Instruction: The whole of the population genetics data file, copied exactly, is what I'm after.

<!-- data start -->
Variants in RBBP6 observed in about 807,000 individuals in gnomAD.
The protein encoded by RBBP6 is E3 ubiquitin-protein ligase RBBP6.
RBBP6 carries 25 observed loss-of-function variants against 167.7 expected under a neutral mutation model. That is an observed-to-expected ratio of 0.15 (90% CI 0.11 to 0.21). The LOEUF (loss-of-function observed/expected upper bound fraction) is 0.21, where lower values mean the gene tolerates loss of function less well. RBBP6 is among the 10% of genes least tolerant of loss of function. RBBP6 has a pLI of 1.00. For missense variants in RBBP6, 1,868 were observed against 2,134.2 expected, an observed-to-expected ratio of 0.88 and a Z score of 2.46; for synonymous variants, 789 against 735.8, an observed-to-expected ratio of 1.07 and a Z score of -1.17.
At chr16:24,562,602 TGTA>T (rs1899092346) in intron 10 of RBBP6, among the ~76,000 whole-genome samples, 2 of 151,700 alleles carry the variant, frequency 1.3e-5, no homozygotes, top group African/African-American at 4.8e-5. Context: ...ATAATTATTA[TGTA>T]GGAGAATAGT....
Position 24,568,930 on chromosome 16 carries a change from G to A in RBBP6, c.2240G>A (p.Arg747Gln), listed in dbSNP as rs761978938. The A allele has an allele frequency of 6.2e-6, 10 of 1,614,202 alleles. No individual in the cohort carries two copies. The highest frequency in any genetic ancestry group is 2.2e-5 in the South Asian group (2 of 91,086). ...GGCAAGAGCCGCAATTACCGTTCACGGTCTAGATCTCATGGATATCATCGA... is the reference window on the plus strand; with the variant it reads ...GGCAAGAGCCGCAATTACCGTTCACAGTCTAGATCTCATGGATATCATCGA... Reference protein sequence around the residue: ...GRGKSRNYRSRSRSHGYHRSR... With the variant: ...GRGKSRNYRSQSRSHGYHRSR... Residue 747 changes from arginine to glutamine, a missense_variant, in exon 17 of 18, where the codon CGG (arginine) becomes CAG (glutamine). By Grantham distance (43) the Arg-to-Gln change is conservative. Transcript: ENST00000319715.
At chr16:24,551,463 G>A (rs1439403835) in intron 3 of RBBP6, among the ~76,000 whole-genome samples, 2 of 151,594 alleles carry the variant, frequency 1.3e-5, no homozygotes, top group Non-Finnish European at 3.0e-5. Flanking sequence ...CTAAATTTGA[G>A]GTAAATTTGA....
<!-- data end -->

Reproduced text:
Variants in RBBP6 observed in about 807,000 individuals in gnomAD.
The protein encoded by RBBP6 is E3 ubiquitin-protein ligase RBBP6.
RBBP6 carries 25 observed loss-of-function variants against 167.7 expected under a neutral mutation model. That is an observed-to-expected ratio of 0.15 (90% CI 0.11 to 0.21). The LOEUF (loss-of-function observed/expected upper bound fraction) is 0.21, where lower values mean the gene tolerates loss of function less well. RBBP6 is among the 10% of genes least tolerant of loss of function. RBBP6 has a pLI of 1.00. For missense variants in RBBP6, 1,868 were observed against 2,134.2 expected, an observed-to-expected ratio of 0.88 and a Z score of 2.46; for synonymous variants, 789 against 735.8, an observed-to-expected ratio of 1.07 and a Z score of -1.17.
At chr16:24,562,602 TGTA>T (rs1899092346) in intron 10 of RBBP6, among the ~76,000 whole-genome samples, 2 of 151,700 alleles carry the variant, frequency 1.3e-5, no homozygotes, top group African/African-American at 4.8e-5. Context: ...ATAATTATTA[TGTA>T]GGAGAATAGT....
Position 24,568,930 on chromosome 16 carries a change from G to A in RBBP6, c.2240G>A (p.Arg747Gln), listed in dbSNP as rs761978938. The A allele has an allele frequency of 6.2e-6, 10 of 1,614,202 alleles. No individual in the cohort carries two copies. The highest frequency in any genetic ancestry group is 2.2e-5 in the South Asian group (2 of 91,086). ...GGCAAGAGCCGCAATTACCGTTCACGGTCTAGATCTCATGGATATCATCGA... is the reference window on the plus strand; with the variant it reads ...GGCAAGAGCCGCAATTACCGTTCACAGTCTAGATCTCATGGATATCATCGA... Reference protein sequence around the residue: ...GRGKSRNYRSRSRSHGYHRSR... With the variant: ...GRGKSRNYRSQSRSHGYHRSR... Residue 747 changes from arginine to glutamine, a missense_variant, in exon 17 of 18, where the codon CGG (arginine) becomes CAG (glutamine). By Grantham distance (43) the Arg-to-Gln change is conservative. Transcript: ENST00000319715.
At chr16:24,551,463 G>A (rs1439403835) in intron 3 of RBBP6, among the ~76,000 whole-genome samples, 2 of 151,594 alleles carry the variant, frequency 1.3e-5, no homozygotes, top group Non-Finnish European at 3.0e-5. Flanking sequence ...CTAAATTTGA[G>A]GTAAATTTGA....